Dinner party: A social gathering at which people eat dinner together. A luxurious dinner party? My interpretation: Dinner party plus tablecloths and place settings. To most, these words are benign and even mean fun. To me, they are daunting and scary.
In short, this is not my area of expertise. I’m one who was almost disowned by an old friend because I never entertained. While I’ve had friends and family over many times I’ve always excelled more as a guest than as a host.
Above you will see my only table; no formal dining room here. I’ve yet to find a tablecloth that will accommodate its non-standard dimensions. Nor do I own white napkins, napkin rings, and white china. More like yellow and green plates with mismatched glasses, casual at best.
But entertaining tools aside (or lack of them), I understand these are just excuses–I’m my own worst enemy. It’s not about what one has or doesn’t have, I’m simply not a relaxed host. My preoccupation with achieving entertaining perfection has often deprived me of a good time, at least in the days leading to the event.
The good news is…I am learning. I’m taking cues from my friends who are fabulous hosts. I’m also learning to adhere to these rules of successful entertaining:
- Plan ahead: Prepare a menu that is easy to execute and don’t wait until the last minute to shop for the ingredients. Lean towards simple make-ahead dishes so stress is minimal on party day.
- Have small bites and drinks ready before guests arrive: Hungry guests are unhappy guests. Be sure to have a good supply of appetizers and drinks while you put the finishing touches on your main course.
- Allow your friends to help you: Don’t expect to do everything. If a friend offers to be the bartender, accept! Parties are not meant to be one-man shows.
- Relax! If a dish is slightly overcooked, don’t cry. If you are in a food blog contest and lighting issues arise, smile and move on. Your friends won’t judge you (they can vote for you, though).
For the third challenge of Foodbuzz’s Project Food Blog contest, the objective was to throw a “luxurious dinner party where your guests will discover new tastes and exotic flavors”. With my guests in mind, I decided on an “Around the World” theme, each person having a bit of something new and a bit of something familiar, too (satisfies my need to please everyone). With four countries being represented–Germany, India, Nicaragua, Philippines–the menu was certainly varied and unique.
While some of the dishes I prepared were first time efforts, I selected recipes that were simple to prepare. For starters, I chose Indian flavors to whet our appetites by serving Roasted Curry Chickpeas and Aloo Tikki with Mint Chutney (along with a simple green salad).
For an ethnic take on the chickpeas, I tossed them in curry powder, ginger powder, garlic and chili powder. They required little-to-no attention once I put them in the oven and offered a nice crunch between sips of wine.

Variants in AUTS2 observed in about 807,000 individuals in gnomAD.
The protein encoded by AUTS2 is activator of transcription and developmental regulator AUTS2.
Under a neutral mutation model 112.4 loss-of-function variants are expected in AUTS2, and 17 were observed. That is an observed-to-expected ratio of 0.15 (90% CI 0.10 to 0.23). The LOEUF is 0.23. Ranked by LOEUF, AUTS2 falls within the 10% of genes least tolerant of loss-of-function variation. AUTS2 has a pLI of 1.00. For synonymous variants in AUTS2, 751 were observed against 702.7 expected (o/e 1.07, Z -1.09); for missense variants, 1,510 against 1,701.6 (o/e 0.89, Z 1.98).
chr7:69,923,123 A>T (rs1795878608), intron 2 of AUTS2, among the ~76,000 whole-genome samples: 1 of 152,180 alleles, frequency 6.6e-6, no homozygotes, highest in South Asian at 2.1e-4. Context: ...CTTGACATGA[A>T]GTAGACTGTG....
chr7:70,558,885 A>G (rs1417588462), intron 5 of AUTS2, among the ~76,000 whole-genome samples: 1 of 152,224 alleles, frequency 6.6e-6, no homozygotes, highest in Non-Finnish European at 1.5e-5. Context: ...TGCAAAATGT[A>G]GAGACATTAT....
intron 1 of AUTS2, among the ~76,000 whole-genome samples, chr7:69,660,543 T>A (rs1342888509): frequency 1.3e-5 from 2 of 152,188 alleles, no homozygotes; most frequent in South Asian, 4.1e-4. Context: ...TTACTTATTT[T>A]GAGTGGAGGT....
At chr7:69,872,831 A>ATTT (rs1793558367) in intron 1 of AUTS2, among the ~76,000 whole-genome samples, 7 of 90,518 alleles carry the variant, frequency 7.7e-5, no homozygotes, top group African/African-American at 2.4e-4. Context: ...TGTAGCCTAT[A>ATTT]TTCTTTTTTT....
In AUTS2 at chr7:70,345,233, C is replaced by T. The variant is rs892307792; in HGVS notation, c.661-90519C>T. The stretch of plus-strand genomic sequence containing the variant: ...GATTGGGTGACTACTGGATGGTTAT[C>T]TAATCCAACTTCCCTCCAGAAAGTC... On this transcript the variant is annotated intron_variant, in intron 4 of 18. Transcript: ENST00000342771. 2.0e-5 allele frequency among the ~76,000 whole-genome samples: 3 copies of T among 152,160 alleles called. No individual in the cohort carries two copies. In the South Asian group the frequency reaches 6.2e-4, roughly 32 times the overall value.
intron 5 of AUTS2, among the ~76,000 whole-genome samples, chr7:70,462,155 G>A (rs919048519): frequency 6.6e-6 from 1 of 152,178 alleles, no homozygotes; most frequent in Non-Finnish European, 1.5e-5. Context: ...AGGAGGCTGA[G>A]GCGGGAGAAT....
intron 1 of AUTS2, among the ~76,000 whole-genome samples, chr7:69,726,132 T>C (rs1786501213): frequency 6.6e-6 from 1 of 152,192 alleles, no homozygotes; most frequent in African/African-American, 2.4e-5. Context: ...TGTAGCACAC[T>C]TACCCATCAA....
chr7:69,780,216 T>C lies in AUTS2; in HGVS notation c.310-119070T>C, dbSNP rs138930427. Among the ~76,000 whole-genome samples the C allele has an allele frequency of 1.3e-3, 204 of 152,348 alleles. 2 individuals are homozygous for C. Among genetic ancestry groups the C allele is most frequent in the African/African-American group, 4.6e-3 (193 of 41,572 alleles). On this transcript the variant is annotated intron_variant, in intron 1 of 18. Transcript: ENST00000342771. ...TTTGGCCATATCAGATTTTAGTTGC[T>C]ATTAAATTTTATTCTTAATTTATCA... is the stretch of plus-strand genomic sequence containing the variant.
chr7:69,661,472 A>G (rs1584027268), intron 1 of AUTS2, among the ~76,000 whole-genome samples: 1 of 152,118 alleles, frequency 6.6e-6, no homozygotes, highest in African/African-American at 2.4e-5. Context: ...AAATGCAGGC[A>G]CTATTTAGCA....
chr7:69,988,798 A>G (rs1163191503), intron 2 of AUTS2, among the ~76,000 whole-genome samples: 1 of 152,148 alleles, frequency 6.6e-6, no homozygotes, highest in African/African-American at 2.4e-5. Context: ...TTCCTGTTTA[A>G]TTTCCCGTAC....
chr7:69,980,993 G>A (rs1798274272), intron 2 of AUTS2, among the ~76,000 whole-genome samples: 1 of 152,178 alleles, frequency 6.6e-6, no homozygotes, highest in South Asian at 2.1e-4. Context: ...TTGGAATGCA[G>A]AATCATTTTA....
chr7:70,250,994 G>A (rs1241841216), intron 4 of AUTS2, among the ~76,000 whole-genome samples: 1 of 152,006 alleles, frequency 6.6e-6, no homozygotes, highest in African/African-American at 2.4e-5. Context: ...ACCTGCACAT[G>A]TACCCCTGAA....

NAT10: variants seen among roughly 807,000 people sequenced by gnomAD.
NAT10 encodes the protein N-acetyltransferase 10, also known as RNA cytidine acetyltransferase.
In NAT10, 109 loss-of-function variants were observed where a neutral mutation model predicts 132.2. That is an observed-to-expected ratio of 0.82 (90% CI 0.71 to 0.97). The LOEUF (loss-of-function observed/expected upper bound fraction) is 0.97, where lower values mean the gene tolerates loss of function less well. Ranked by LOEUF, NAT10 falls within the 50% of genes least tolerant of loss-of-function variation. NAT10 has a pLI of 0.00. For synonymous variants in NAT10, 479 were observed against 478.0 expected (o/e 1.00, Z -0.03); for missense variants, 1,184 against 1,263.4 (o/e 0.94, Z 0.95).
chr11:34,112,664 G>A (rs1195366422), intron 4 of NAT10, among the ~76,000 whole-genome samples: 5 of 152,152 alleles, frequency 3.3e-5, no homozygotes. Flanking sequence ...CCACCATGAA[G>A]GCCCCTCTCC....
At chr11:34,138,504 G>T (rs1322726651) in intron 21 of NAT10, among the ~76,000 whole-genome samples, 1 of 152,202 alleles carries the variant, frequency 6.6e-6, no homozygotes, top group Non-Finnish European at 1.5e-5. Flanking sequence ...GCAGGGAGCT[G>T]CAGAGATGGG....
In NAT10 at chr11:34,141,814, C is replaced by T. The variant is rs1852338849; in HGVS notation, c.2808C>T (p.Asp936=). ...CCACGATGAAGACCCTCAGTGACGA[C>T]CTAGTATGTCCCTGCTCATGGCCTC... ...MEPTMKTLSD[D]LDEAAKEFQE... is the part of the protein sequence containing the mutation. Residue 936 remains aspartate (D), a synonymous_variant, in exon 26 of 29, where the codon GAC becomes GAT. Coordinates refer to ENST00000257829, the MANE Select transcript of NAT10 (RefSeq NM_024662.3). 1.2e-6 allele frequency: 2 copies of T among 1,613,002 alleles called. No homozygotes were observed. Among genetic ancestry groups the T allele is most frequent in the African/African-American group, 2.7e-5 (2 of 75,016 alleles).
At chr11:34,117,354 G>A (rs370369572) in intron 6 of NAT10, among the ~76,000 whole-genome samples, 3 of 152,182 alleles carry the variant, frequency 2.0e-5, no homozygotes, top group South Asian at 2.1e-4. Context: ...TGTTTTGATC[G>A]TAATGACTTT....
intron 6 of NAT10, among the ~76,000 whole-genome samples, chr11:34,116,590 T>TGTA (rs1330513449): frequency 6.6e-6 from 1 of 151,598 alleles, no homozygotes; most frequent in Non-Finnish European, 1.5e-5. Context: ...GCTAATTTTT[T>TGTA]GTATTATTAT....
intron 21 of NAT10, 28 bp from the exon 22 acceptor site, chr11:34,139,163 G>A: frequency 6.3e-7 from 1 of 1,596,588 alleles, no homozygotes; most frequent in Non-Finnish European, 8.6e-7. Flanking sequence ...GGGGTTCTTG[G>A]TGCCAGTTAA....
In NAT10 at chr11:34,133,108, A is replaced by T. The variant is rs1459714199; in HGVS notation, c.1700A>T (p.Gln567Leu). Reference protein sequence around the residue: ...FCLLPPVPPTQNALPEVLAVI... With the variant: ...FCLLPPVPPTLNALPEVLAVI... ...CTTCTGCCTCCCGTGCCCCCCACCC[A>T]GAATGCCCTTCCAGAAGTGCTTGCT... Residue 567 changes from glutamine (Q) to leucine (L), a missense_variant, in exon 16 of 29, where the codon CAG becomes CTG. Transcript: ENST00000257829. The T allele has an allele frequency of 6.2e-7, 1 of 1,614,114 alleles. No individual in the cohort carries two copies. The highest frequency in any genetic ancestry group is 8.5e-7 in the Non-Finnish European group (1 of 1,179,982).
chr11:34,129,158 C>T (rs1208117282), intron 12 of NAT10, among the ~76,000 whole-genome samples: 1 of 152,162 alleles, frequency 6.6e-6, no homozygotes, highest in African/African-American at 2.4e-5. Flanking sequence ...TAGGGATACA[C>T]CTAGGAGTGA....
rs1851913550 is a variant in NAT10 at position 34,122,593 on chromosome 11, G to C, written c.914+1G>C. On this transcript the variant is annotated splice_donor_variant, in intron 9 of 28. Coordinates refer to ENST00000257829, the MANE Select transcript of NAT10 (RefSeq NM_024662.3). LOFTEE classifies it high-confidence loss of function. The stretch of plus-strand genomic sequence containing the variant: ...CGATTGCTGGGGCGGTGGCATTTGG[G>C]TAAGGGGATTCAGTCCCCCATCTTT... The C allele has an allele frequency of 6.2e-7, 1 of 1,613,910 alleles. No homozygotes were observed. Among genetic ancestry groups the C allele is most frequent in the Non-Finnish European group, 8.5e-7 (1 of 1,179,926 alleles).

Continuing with the Indian theme, I also prepared Aloo Tikki, potato croquettes that had a little more substance than the chickpeas and were rich in flavor thanks to garam masala, curry powder, chopped fresh jalapeños, fresh ginger and cilantro. The mint chutney offered a refreshing balance on top of the hot, fried appetizer.
Next, I prepared tinola, a filipino chicken soup that is made flavorful with fish sauce, lots of fresh ginger and the addition of chayote and spinach for nutritional balance. Being the filipina in the crowd, I served this soup with a dipping sauce of lemon juice, fish sauce and jalapeño peppers. It’s a traditional accompaniment that livens up the soup. I was very pleased to see my guests top their bowls with the dipping sauce–no hesitation despite inclusion of the often unpopular fish sauce.
Rounding out the main course, I served Indio-Viejo. It is a Nicaraguan beef stew that is alive with citrusy flavor and fresh mint. Though they’ve never made this dish themselves, my friends, Mildred and Chris, were kind to suggest this dish to satisfy the Nicaraguan component of my theme. Nicaraguan cuisine was new to me and some of my guests so it provided the most exotic touch to our evening.
Indio-Viejo, meaning Old Indian is a pre-Colombian dish. An old fable claims that the origin of this dish came about when Conquistadores declined this dish after being told by a Nicarao member that the stew was being prepared out of an “Old Indian” that passed away the day before. No matter the origins, this stew was an excellent “new taste” for my guests and me. Not only did it acquaint me with my local Latin foods store, we all became familiar with masa harina (starch and thickening agent), achiote paste (for color), and naranja agria (Bitter orange; a combination of lemon, lime and orange juice is an acceptable substitute). Mildred was most gracious by helping me finish the dish. I relied on her to show me the right amount of masa harina and achiote paste to add for the sake of authenticity.
Finally, I served a simple dessert: German Chocolate cupcakes. My husband (of German descent) celebrated a birthday a few days before and it seemed only appropriate to prepare this course in his honor. I improvised by combining two recipes to create these little delights which proved to be a big hit with everyone.
The biggest lesson? In the most technical sense, this party was not luxurious by any means. But if the definition of luxurious is “a condition of abundance or great ease and comfort”, we certainly had this–in the form of great company and lots of good food. Dare I say that “dinner party” now also means…fun.